SECOND HALF STORIES
With the second half of the season well underway from Mexico to Europe, there's a few particular things to look forward to until it comes to a close.
One of the usual sources of entertainment over the Holiday season is the winter transfer window, but it didn't yield many surprises for Americans, or even much activity at all. The summer could see a host of moves that will set the excitement levels back up to 11 (or at least eight), but that's a ways off. Until then, these are the things to watch for during the run of play.
In Mexico there are several stories to keep an eye on surrounding the usual suspects:
Will Edgar Castillo translate his consistent and quality play with Tijuana back into a National Team performance? His underwhelming showings last year left Primera Division fans flummoxed. The Mexican league has never been top of the charts in defense, and it's almost always a wide open celebration of attacking play while gutting any form of defensive stability, but Castillo shows well in his various club opportunities, much better than how he shows while wearing the red, white, and blue.
The level of competition is definitely different, but the speed of play is so fast in Mexico that he shouldn't be getting caught flat footed the way he did for the U.S. Castillo is not the first, nor will he be the last, player who performs well for his club but not for his national team. U.S. soccer history is full of such players.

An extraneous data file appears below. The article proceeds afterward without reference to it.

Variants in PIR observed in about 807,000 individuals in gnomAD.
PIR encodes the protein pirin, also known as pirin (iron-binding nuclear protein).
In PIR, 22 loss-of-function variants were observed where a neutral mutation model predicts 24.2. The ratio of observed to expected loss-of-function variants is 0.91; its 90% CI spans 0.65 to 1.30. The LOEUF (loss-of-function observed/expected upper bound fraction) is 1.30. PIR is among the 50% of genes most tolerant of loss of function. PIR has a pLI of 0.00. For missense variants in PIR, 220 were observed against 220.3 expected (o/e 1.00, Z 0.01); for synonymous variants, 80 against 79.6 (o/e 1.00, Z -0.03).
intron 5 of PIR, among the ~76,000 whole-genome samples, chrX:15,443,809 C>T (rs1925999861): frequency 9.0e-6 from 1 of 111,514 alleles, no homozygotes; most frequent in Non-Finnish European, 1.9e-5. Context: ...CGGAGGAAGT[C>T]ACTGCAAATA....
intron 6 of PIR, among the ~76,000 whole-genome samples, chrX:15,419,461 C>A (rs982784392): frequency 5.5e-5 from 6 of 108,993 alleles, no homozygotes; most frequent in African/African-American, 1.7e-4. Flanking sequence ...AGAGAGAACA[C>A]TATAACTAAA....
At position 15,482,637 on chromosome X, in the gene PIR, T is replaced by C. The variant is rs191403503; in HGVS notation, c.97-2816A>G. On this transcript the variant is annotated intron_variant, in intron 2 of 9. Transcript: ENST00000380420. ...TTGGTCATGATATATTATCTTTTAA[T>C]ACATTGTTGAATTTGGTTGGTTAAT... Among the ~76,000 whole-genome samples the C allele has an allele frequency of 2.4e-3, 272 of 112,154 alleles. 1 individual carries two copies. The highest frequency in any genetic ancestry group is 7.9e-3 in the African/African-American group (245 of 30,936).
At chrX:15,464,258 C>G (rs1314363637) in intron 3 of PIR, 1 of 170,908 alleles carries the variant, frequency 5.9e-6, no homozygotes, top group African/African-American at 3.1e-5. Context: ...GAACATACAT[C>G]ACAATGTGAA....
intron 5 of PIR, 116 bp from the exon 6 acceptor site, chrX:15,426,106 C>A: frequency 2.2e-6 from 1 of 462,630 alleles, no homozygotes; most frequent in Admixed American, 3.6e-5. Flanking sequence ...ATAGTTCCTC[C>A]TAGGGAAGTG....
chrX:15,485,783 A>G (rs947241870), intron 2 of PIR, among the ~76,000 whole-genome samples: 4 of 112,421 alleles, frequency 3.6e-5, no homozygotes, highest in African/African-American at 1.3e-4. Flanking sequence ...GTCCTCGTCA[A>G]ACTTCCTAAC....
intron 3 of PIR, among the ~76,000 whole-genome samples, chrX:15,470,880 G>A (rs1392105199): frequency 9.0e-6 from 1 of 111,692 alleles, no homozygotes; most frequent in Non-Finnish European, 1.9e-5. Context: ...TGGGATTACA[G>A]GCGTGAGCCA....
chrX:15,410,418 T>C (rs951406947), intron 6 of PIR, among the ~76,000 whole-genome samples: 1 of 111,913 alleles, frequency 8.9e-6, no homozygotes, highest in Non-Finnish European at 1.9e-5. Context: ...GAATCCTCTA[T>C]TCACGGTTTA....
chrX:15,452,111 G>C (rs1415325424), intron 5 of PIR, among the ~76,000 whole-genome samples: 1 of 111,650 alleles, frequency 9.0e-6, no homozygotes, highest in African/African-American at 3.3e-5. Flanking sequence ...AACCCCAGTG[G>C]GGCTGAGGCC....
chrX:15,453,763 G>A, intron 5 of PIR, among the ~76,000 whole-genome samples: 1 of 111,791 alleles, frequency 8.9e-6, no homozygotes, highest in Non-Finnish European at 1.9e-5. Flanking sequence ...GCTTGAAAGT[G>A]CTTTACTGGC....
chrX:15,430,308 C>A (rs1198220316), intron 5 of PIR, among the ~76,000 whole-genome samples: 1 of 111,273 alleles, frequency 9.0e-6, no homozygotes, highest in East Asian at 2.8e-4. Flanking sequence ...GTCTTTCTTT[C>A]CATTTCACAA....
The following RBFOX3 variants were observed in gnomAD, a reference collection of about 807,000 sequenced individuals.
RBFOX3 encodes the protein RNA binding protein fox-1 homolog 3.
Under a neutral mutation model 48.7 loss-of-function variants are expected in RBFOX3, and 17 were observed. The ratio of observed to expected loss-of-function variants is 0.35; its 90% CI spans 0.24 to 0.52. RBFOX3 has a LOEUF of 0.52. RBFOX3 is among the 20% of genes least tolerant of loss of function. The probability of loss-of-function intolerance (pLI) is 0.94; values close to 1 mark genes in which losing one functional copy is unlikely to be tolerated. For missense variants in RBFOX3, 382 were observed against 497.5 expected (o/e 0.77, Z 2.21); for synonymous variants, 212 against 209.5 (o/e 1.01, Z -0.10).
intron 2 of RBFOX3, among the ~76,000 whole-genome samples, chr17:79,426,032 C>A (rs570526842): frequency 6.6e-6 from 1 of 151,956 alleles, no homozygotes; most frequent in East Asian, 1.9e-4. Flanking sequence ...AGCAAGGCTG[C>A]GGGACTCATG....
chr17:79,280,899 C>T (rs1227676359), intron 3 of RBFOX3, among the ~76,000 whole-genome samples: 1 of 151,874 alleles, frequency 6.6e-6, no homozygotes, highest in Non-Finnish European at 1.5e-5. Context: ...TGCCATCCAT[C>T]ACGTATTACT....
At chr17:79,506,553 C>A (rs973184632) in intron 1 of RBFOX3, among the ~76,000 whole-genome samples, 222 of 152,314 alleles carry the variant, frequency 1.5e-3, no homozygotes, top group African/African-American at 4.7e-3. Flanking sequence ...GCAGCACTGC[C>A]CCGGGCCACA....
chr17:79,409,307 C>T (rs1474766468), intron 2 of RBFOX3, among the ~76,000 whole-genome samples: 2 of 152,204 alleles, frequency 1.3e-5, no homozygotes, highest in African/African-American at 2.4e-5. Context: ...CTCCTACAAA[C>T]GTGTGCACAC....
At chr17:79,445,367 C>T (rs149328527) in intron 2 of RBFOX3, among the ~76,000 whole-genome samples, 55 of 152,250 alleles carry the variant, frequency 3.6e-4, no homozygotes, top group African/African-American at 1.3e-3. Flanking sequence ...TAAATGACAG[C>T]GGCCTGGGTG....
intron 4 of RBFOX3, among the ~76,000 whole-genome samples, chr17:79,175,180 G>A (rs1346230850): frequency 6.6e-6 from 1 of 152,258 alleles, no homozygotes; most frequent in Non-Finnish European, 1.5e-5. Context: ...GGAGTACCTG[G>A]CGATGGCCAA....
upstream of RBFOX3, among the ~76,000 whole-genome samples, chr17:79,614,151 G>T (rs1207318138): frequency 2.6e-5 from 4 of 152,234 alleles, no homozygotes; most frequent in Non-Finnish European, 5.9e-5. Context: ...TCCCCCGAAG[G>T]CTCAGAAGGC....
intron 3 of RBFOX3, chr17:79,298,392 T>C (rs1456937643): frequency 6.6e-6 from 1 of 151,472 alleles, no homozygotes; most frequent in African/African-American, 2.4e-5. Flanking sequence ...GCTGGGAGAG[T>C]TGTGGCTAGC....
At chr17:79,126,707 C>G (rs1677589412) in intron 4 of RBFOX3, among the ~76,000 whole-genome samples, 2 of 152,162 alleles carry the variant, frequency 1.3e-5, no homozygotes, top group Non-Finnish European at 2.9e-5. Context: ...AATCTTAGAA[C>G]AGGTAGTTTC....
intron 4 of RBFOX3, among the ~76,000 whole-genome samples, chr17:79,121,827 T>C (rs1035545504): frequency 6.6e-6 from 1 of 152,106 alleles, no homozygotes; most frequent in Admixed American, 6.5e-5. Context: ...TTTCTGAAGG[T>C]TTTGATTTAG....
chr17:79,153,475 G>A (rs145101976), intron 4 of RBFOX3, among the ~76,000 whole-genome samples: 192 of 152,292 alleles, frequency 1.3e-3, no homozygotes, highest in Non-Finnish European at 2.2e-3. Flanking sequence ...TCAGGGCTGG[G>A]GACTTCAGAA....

The problem with Castillo is that he plays at a level that seems like it should translate well for the U.S., but it's not just that; it's the fact that he plays in a position and with a style that seems like it should suit Jurgen Klinsmann's style of play very well. While Castillo shouldn't command a starting role with the National Team, if he continues his good play with Tijuana, he should warrant at least one more look, if not in the friendlies against Scotland or Canada, then maybe as part of the squad to face Antigua and Barbuda in the first round of World Cup Qualifying.
The problem with Castillo in a National Team uniform has seemed to be a high level of nerves and a lack of confidence. If these two issues can be overcome, he could be a possible asset to backup Brek Shea until a better candidate is found, especially given the injury tendencies of DaMarcus Beasley, which brings us to the polarizing man himself.
Beasley has been playing very well with Puebla since joining the team in 2011, and his performances over the past two games have shown a lot of flashbacks to the younger Beasley before he moved to Europe and became a different player. He has been getting behind the defense, using his speed to split defenders, and has been slashing across the middle from the left flank, throwing defenses into disarray.
His game against Tijuana featured all of these elements, almost scoring a goal by sneaking behind the defense, drawing a penalty kick by splitting the defense on the dribble, and causing general confusion with his speed and slashing. Unfortunately, he left the game early with an injury, which has been his problem over the past few years. The licks he used to take as a youngster that he sprung back up from without hesitation have appeared to catch up to him.